Today's The Economic Times reports that India's patent law provisionally extends its protection today to cover a range of products from drugs and chemicals to mobile phone and computer software, in line with commitments to the World Trade Organization under the TRIPs treaty. Commerce and Industry Minister Kamal Nath said the amendment was made by presidential decree yesterday. The decree signals a breakthrough in patent reform, which had been stalled by concerns raised by communist allies of the ruling coalition and opposition parties, who wanted adequate safeguards to maintain price stability of life-saving medicines. Said Nath:
"The fear that prices of medicines will spiral is unfounded. [...] we must realise the fact that 97 percent of all drugs manufactured in India are off patent and so will remain unaffected".Up to now India has granted patents for processes but not for products. Nath added that he was confident of securing parliament's approval for the patent amendments in the budget session of parliament in February (under Indian law, the presidential decree has to be approved by parliament).
It is predicted that the change in India's patent law will spur domestic drug companies to look aggressively at developing new drug research themselves. By implementing the legal changes, Indian drug companies will be eligible to make generic drugs for booming export markets, where drugs worth billions of dollars are set to go off patent in the next few years, the minister said.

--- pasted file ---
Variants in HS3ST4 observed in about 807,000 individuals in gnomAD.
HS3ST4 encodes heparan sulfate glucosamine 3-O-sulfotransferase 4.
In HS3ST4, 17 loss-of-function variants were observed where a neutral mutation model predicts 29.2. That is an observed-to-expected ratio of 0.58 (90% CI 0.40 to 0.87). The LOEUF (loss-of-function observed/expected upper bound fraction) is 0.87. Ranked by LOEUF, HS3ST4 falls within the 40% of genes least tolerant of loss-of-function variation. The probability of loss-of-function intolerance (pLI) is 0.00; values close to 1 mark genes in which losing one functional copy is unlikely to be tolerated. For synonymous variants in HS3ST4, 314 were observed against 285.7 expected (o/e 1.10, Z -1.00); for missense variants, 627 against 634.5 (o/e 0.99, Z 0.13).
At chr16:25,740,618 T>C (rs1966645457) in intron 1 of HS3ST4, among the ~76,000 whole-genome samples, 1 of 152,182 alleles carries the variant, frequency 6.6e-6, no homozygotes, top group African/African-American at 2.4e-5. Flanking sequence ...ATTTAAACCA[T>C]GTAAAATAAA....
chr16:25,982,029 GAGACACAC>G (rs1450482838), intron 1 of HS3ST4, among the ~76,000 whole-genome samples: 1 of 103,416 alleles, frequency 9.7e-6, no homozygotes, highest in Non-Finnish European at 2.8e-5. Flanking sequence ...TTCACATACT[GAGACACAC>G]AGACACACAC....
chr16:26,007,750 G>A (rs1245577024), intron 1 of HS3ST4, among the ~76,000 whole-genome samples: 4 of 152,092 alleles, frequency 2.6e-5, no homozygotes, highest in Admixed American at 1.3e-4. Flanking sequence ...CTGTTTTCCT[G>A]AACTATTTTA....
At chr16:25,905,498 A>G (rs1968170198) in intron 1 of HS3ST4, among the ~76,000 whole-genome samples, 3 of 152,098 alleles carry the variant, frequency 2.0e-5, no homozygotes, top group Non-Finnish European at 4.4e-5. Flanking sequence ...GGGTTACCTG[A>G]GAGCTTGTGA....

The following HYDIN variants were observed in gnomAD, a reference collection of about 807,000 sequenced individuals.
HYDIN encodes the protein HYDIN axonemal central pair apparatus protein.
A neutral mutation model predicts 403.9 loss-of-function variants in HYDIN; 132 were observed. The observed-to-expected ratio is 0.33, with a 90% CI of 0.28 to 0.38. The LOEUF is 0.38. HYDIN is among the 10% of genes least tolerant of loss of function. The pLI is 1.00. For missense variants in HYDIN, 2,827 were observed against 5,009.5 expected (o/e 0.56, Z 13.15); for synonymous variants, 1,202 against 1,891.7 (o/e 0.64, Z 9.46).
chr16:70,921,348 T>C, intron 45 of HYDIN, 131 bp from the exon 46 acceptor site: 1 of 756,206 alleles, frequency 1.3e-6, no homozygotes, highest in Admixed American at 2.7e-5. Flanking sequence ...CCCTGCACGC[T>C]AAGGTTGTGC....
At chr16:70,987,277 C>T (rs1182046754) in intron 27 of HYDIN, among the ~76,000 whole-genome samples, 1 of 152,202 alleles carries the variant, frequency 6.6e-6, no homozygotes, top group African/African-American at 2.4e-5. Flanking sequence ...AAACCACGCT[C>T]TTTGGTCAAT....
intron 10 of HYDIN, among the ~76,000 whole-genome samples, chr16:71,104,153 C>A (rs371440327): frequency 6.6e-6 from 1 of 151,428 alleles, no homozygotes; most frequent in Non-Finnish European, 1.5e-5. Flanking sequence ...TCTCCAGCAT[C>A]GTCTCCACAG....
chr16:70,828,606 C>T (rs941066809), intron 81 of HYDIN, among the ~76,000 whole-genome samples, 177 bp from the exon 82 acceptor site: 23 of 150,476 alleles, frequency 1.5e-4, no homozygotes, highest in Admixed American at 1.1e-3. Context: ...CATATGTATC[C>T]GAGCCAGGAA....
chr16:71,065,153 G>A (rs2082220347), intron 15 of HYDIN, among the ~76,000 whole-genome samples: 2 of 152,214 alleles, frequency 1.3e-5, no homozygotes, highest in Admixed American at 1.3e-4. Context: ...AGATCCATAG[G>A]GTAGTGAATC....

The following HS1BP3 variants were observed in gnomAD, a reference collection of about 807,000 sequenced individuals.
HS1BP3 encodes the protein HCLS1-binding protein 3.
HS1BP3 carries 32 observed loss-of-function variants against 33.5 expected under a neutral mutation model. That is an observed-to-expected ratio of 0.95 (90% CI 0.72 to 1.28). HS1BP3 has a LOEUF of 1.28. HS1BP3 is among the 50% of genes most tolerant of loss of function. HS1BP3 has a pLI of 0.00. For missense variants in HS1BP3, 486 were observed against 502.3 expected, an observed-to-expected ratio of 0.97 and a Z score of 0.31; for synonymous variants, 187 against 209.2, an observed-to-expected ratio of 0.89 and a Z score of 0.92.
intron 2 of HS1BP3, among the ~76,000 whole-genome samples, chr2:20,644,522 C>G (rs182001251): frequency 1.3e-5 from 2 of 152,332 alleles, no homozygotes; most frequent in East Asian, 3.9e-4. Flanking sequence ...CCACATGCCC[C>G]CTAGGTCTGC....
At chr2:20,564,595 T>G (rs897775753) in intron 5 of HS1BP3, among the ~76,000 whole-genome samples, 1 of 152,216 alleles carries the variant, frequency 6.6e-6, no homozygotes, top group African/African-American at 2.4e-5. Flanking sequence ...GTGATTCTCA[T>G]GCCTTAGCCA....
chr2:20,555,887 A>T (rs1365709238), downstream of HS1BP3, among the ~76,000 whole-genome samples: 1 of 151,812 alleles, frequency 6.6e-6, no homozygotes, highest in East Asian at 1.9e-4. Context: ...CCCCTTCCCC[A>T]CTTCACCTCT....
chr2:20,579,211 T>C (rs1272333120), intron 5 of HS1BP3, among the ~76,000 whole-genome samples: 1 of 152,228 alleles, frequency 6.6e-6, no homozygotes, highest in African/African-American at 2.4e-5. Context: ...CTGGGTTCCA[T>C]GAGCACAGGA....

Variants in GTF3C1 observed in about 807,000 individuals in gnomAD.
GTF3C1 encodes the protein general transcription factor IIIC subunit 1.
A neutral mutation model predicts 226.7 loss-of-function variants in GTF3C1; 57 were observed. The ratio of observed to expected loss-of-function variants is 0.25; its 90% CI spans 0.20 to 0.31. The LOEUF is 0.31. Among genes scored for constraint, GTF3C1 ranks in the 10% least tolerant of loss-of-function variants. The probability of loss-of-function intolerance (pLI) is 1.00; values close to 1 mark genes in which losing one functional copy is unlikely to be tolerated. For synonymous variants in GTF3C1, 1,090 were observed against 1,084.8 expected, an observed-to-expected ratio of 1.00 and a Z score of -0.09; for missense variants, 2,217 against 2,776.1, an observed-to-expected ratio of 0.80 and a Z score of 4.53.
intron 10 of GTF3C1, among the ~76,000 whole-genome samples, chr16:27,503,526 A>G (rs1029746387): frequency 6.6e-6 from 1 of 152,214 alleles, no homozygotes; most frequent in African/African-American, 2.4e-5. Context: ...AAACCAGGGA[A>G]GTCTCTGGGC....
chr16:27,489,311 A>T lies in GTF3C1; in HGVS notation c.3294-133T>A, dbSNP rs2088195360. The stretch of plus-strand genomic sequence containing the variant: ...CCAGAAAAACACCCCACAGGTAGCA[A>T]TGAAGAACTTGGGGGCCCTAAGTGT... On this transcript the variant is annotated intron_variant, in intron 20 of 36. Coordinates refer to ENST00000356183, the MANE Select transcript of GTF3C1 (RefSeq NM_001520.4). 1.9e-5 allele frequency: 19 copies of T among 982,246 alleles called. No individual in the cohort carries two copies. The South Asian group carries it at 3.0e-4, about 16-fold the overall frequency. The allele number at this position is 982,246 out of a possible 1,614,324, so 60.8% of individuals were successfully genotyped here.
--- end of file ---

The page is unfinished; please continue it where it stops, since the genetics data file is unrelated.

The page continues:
"Indian industry can grab a lion's share of this provided we are a bona fide member of the international trading community and are not in a questionable position, open to the possibility of retaliatory measures and sanctions. By participating in the international system of intellectual property protection, India unlocks for herself vast opportunities in both exports, as well as her potential to become a global hub in the area of research and development".
Indian inventivity: not just confined to the Chicken Vindaloo
The IPKat is delighted that India is putting its house in order and feels sure that its fast-growing, powerful drgus industry will soon benefit from the protection accorded to home-grown innovations. Merpel adds that TRIPs compliance will also provide a boost for local intellectual property lawyers, who can expect to pick up a good deal of non-contentious licensing and regulatory work in addition to the prospect of a boom in infringement litigation -- but will India's judicial system be able to handle it?Examples of Indian inventivity here, here and here